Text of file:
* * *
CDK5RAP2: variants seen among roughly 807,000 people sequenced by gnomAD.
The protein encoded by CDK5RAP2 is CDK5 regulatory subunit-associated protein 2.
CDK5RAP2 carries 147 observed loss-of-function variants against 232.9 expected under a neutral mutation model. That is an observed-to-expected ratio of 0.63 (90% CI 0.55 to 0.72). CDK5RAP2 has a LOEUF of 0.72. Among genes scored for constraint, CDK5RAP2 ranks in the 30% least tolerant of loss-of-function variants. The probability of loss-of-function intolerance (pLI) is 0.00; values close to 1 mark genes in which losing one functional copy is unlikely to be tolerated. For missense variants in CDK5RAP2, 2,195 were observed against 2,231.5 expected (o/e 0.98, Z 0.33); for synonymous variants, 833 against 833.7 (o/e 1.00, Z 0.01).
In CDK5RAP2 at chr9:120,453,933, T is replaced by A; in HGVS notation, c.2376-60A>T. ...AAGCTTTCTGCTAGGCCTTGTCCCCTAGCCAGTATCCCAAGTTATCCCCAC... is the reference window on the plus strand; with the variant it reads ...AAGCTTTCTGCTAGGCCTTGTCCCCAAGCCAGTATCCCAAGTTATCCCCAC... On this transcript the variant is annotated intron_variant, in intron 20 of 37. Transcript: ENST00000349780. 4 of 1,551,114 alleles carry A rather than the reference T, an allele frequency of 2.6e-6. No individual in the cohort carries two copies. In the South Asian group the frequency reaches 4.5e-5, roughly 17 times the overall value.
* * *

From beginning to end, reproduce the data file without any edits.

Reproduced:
CDK5RAP2: variants seen among roughly 807,000 people sequenced by gnomAD.
The protein encoded by CDK5RAP2 is CDK5 regulatory subunit-associated protein 2.
CDK5RAP2 carries 147 observed loss-of-function variants against 232.9 expected under a neutral mutation model. That is an observed-to-expected ratio of 0.63 (90% CI 0.55 to 0.72). CDK5RAP2 has a LOEUF of 0.72. Among genes scored for constraint, CDK5RAP2 ranks in the 30% least tolerant of loss-of-function variants. The probability of loss-of-function intolerance (pLI) is 0.00; values close to 1 mark genes in which losing one functional copy is unlikely to be tolerated. For missense variants in CDK5RAP2, 2,195 were observed against 2,231.5 expected (o/e 0.98, Z 0.33); for synonymous variants, 833 against 833.7 (o/e 1.00, Z 0.01).
In CDK5RAP2 at chr9:120,453,933, T is replaced by A; in HGVS notation, c.2376-60A>T. ...AAGCTTTCTGCTAGGCCTTGTCCCCTAGCCAGTATCCCAAGTTATCCCCAC... is the reference window on the plus strand; with the variant it reads ...AAGCTTTCTGCTAGGCCTTGTCCCCAAGCCAGTATCCCAAGTTATCCCCAC... On this transcript the variant is annotated intron_variant, in intron 20 of 37. Transcript: ENST00000349780. 4 of 1,551,114 alleles carry A rather than the reference T, an allele frequency of 2.6e-6. No individual in the cohort carries two copies. In the South Asian group the frequency reaches 4.5e-5, roughly 17 times the overall value.